Kelsang Gyatso says on the CD that all of our problems stem from what he calls self-grasping ignorance, a concept I am still trying to wrap my very Western and non-Buddhist brain around. What he says about anger I totally get. Anger sucks. I get angry at myself for getting angry, which is both ironic and idiotic, but there you go. Paradox, I guess. But that's Jung, not Buddha, so we'll save that for another post. That's the cool thing about my anonymous blog: I can write stream of consciousness and who gives a shit (I am holding off on that not swearing thing, and calling it battling perfectionism) whereas on my public blog I would feel as though I have to stick to the subject at hand.

So anyway, about the anger. Gyatso is totally dead on about that. Anger is deadly, and the way to combat it is through practicing patient acceptance. I have been practicing the shit out of patient acceptance all week, and it feels great. It's also getting easier. Even without the double stroller.

Thursday, August 28, 2014

A Glass of Wine

Donna at Sober Mom(ologue) writes:

The whole point of drinking is to get drunk. Acting “silly,” blacking out, and hangovers are all just part of it. I have never understood the concept of just having one or two – seriously, isn’t that kind of a waste of the one or two? That is how alcoholics think.
I had heard that for years, and it was part of why I thought I wasn't an alcoholic.  I never wanted to get drunk.  I wanted to have a glass of wine or two, which for years I did and could, but eventually a glass or two became three or five more often than I wanted.  Five meant I'd finished the whole bottle, which meant the next morning I was a mess, filled with shame and self-loathing.  I never wanted to finish the bottle, never wanted to get drunk, but somehow I ended up doing it anyway.  Not every time, but often enough to convince me I had a problem.

Reading Jean's story at UnPickled confirms my assurance that not all alcoholics think the same way, because she was so much like me, and not like all the "alcoholics do/think ______" stereotypes.  I had been sober four months when I found her blog, and had met enough women like me that I knew that people who drink too much come in all kinds of packages.

I haven't read much of Sober Mom(ologue) yet, am just beginning to explore the sobriety blog scene.  I've written here before about Crying Out Now, one of the first I found, and which helped lead me to sobriety.  I have read some of Mished-up, whose author I knew from an online community before I found her blog, and some of Sober Boots, whose author Heather Kopp, like Stefanie Wilder-Taylor is brave enough to be "out there" publicly, writing about her sobriety under her own name.  Someday maybe I will be, too, but not just yet.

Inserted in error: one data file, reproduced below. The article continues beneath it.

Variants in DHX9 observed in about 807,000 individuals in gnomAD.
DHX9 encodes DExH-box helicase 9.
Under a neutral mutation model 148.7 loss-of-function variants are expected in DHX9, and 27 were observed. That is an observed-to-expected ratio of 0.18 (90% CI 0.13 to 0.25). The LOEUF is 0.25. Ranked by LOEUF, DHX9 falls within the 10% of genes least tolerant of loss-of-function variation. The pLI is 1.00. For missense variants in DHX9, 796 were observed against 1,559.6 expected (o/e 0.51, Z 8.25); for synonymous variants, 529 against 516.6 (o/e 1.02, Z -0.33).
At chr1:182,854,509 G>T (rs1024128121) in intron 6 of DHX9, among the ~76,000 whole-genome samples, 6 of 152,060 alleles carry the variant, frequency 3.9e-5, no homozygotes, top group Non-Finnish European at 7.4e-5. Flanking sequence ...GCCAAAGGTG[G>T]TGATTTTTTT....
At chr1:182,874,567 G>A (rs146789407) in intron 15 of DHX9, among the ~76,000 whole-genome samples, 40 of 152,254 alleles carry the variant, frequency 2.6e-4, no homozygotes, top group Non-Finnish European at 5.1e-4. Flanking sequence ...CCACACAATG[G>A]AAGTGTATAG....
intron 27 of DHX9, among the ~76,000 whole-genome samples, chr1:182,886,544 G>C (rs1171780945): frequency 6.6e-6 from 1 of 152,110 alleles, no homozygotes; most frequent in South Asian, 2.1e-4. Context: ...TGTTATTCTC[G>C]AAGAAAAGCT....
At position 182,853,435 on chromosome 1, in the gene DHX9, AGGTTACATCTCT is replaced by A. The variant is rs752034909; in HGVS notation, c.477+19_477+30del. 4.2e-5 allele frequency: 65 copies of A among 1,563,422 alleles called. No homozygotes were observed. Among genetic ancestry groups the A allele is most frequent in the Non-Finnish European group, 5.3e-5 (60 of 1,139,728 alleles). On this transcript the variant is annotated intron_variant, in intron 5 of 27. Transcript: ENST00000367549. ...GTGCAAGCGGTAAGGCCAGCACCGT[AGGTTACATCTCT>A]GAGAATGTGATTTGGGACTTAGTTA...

Wednesday, August 27, 2014


I have discovered a wonderful new blog, UnPickled, the story of a woman very much like me on her journey to sobriety.  Like me, she didn't "hit bottom" in in ugly, scary way and people weren't telling her she drank too much.  Like me, she'd have a glass or two in public and stay charming, then come home and nurse another glass an hour until bedtime.  This is ugly in its own way, but ugly on the inside, a putrefying interior covered by a mask of poise and beauty.

So many posts on this blog resonated with me.  The Trouble with Shame hit a nerve, because all my life I have struggled with shame, too concerned with what others thought of me, knowing I shouldn't be, but couldn't force myself to stop caring.  The shame fuels my perfectionism, which I know is destructive and try to combat, but with limited success.

This one on Coincidence reminded me of the Serenity Prayer on a plaque on the wall at my neighbor's house when I was a little girl.  I used to read it, and think about it when I was in her kitchen.  Her mother was kind of tightly wound, and once in a while she would be on a terrible tirade of anger.  I hadn't thought of that girl in her mother in a long time, but I wonder now if the mother was an alcoholic, one struggling to stay sober with the Serenity Prayer on the wall, and those rare flashes of frightening rage I witnessed were the fruits of her relapses.

I look forward to reading more of UnPickled and other sobriety blogs, and to sharing parts of my story here, on my anonymous blog where it feels safe.  I don't intend this to be a sobriety blog, per se, but my sobriety is part of who I am now, part of my story, and because I have only shared it with a few people close to me, I'm not ready to go public and write about it on the blog I write under my own name.  I'm not willing to write about a lot of things there.  I suppose I'm afraid people will think I'm over-sharing, and because I care what people think (as much as I may wish I didn't) I keep quiet.